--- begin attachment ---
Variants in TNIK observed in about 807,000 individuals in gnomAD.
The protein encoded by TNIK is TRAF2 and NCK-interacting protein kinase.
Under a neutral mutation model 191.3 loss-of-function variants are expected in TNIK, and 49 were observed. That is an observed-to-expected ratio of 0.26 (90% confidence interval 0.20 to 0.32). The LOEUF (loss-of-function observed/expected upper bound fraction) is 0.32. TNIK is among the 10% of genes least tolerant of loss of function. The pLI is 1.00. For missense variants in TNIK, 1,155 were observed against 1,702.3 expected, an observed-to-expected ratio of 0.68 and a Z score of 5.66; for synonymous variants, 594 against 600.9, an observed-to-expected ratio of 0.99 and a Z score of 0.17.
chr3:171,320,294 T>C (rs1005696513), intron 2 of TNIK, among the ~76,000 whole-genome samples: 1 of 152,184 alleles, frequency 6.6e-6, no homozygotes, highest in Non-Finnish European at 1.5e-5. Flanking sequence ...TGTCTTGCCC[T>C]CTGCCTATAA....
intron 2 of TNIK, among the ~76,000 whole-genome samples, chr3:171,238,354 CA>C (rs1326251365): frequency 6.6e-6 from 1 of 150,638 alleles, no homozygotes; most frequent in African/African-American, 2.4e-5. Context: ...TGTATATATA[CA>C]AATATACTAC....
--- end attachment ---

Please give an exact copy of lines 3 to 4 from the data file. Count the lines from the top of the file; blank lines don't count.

Under a neutral mutation model 191.3 loss-of-function variants are expected in TNIK, and 49 were observed. That is an observed-to-expected ratio of 0.26 (90% confidence interval 0.20 to 0.32). The LOEUF (loss-of-function observed/expected upper bound fraction) is 0.32. TNIK is among the 10% of genes least tolerant of loss of function. The pLI is 1.00. For missense variants in TNIK, 1,155 were observed against 1,702.3 expected, an observed-to-expected ratio of 0.68 and a Z score of 5.66; for synonymous variants, 594 against 600.9, an observed-to-expected ratio of 0.99 and a Z score of 0.17.
chr3:171,320,294 T>C (rs1005696513), intron 2 of TNIK, among the ~76,000 whole-genome samples: 1 of 152,184 alleles, frequency 6.6e-6, no homozygotes, highest in Non-Finnish European at 1.5e-5. Flanking sequence ...TGTCTTGCCC[T>C]CTGCCTATAA....